Suffering from sticker shock in a lower-interest rate environment? The pros aren’t. They’re jumping in with both feet.
As of June 30, banks across the country increased their municipal bond holdings to $330 billion. That’s a $20 billion increase over the previous 12 months and the biggest jump in 27 years.
The number of banks loading up on muni debt runs the gamut.
JPMorgan increased its muni holdings to $37.5 billion as of June 30, a $14.7 billion increase from 2010. Wells Fargo held more than twice as much municipal debt during the same time period, from $18 billion two years ago to about $40 billion at the end of June, while PNC’s muni holdings also more than doubled over that time.
The reasons for their enthusiasm? Tougher regulations compel them to increasingly look for safer investments. They’re protecting profit margins against declining interest rates, while liquid investments give them more flexibility. Better still, municipal bonds are providing outstanding returns.
According to second-quarter government filings culled by The Wall Street Journal, Wells Fargo’s muni holdings had an average yield of 4.39%, which compares favorably to its $1.5 billion of Treasuries, yielding an average of 1.6%, and its $137.5 billion mortgage-backed securities, that returned approximately 4.32%. And those numbers don’t reflect the added advantage of munis: they’re tax exempt.
Holding off? Until when?
Unfortunately, in the current interest-rate environment, some individual investors are reluctant to pull the trigger, choosing instead to remain on the sidelines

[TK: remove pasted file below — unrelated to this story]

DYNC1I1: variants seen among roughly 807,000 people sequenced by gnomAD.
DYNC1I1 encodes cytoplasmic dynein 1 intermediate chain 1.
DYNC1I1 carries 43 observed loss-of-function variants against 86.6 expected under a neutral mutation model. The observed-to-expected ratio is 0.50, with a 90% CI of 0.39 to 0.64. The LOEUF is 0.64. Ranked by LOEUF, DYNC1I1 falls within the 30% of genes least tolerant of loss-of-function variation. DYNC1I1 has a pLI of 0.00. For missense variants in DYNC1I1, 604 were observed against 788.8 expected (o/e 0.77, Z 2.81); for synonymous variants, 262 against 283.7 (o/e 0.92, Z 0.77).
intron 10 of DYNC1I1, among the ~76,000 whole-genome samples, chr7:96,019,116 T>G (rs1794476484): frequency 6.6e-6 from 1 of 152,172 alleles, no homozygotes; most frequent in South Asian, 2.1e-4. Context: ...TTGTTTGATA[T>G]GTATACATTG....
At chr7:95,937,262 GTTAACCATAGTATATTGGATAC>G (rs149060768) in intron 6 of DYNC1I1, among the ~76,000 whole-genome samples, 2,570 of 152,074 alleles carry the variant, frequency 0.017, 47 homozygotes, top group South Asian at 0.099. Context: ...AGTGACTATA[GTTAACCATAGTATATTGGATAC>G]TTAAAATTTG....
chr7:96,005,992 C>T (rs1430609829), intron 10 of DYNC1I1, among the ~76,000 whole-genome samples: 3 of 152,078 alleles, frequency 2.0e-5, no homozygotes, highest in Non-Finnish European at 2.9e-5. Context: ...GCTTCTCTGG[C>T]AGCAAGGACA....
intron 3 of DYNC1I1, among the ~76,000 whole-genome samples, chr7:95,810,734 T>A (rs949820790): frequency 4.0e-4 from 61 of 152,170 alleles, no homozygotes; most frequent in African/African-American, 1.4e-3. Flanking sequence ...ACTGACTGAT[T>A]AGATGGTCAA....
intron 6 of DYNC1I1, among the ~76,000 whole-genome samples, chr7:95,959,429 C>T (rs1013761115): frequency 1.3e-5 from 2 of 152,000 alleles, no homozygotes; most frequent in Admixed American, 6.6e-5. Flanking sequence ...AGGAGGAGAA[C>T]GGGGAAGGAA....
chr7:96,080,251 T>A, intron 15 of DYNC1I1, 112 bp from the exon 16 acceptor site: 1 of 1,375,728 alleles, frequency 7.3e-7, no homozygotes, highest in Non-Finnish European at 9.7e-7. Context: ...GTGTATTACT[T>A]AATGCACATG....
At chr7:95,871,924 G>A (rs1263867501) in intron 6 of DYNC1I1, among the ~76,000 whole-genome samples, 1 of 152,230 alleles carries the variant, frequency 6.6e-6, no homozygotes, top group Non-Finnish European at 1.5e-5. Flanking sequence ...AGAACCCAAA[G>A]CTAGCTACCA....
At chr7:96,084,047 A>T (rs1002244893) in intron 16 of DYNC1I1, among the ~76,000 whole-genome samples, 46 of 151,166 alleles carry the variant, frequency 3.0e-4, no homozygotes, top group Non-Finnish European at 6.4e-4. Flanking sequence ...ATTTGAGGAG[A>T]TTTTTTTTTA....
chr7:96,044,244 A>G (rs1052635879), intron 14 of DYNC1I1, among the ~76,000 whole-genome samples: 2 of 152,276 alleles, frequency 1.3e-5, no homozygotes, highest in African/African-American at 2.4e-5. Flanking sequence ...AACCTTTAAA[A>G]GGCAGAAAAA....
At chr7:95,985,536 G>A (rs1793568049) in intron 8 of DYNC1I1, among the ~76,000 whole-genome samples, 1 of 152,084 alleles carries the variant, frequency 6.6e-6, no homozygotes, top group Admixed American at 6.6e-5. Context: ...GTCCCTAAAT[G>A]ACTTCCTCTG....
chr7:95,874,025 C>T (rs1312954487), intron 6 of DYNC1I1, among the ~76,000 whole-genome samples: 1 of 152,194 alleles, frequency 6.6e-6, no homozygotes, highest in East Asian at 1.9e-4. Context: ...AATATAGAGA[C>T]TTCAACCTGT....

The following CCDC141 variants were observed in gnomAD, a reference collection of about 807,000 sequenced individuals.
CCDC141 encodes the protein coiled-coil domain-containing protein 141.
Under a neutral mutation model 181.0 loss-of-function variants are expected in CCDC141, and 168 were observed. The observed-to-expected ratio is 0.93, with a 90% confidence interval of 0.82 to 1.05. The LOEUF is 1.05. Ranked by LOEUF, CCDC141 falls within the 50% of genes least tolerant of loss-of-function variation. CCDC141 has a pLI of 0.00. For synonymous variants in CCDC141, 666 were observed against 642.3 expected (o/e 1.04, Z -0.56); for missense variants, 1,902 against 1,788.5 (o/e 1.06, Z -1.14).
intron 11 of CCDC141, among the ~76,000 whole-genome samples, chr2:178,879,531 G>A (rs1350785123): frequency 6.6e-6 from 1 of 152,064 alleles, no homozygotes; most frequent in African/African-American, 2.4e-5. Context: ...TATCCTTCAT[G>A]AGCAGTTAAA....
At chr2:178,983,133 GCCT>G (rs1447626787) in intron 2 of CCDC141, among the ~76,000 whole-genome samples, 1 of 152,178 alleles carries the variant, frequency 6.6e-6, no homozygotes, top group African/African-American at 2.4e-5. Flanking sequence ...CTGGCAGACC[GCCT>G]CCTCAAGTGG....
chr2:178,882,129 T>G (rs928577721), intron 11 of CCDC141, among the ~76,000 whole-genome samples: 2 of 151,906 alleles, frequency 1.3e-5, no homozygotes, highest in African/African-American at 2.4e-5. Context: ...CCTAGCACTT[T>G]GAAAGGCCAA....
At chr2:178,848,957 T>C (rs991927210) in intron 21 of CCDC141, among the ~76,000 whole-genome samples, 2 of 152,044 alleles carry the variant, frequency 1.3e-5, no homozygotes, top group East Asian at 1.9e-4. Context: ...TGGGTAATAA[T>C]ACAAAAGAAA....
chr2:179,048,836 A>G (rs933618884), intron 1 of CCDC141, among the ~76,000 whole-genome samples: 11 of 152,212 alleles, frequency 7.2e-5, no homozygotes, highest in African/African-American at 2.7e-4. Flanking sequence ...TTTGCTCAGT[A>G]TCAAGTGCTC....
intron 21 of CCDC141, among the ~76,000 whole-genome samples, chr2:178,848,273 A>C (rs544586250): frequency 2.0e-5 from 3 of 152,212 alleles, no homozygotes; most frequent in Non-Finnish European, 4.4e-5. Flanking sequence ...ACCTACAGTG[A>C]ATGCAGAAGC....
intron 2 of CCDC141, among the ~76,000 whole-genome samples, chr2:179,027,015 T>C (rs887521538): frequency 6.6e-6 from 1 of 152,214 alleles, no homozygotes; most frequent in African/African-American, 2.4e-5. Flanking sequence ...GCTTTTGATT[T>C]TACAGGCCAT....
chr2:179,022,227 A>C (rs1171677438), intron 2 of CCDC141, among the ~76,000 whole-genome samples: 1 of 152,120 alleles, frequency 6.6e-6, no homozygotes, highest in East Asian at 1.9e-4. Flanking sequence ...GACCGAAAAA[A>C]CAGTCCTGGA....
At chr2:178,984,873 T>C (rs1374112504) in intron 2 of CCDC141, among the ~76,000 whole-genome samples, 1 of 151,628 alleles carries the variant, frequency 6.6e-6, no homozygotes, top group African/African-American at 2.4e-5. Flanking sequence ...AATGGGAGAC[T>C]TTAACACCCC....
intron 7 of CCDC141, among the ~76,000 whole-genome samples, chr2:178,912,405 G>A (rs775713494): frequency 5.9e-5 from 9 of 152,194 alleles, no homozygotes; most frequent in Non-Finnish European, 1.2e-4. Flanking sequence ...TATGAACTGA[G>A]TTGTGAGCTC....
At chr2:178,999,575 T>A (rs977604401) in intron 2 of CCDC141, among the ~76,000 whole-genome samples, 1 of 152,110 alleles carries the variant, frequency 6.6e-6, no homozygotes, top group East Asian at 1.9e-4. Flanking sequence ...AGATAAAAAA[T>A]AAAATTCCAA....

An 81-year-old retired physician told the Journal he’s holding off until rates rise. But he didn’t say how long he’d wait; Fed Chairman Ben Bernanke thinks he’ll be waiting for quite a while.
Holding cash, or parking it in a money-market fund that pays virtually nothing, can be expensive. We refer to this phenomenon as the cost of waiting (“Time Flew But Interest Rates Didn’t”) and have written about it extensively.
Fact is, tax-free bonds continue to make as much sense for individual investors as they do for institutions. Taxes are expected to rise regardless of who wins in the November elections, and despite some notable though rare exceptions, credit quality is generally improving. Further, as Europe’s debt crisis continues to unfold, munis are regarded as a safe haven.
Today, long term, high-quality munis can be purchased to yield 3.75%, a return comparable to 5.75% for investors in the 35% tax bracket.
As always, when investing in municipal bonds, look for quality and maximize value. Waiting, though, can be expensive.